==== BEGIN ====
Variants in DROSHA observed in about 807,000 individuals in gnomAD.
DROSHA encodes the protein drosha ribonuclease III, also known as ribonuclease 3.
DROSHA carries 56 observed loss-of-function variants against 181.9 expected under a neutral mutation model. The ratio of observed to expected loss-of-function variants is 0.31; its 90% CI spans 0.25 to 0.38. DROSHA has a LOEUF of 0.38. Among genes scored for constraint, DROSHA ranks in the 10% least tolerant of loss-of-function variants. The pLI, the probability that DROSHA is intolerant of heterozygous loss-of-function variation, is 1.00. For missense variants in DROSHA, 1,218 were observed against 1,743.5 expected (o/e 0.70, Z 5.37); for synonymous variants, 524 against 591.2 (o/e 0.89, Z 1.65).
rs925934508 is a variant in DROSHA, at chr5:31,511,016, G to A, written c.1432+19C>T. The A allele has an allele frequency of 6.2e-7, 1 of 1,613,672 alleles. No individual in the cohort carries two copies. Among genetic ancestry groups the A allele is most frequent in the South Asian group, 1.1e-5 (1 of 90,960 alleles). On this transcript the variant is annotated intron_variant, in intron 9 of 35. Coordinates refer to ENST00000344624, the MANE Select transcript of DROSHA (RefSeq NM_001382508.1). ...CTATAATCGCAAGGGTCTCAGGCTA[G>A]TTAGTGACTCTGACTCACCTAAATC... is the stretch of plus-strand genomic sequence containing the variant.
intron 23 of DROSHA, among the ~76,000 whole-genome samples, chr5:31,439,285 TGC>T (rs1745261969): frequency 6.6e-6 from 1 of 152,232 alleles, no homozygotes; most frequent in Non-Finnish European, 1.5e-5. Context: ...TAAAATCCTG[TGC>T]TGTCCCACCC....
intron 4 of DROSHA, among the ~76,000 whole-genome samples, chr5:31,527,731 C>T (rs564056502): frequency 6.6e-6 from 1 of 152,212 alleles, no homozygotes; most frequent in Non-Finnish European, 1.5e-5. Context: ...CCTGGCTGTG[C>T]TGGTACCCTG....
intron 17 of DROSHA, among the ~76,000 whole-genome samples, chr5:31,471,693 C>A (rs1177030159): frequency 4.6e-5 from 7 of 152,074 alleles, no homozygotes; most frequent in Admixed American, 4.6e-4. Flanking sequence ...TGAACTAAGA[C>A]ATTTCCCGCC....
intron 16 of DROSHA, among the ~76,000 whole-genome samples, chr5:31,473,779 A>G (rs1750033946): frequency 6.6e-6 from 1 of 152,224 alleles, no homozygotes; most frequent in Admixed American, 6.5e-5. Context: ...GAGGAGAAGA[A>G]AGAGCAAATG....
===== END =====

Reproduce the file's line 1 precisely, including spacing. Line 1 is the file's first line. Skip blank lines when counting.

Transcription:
Variants in DROSHA observed in about 807,000 individuals in gnomAD.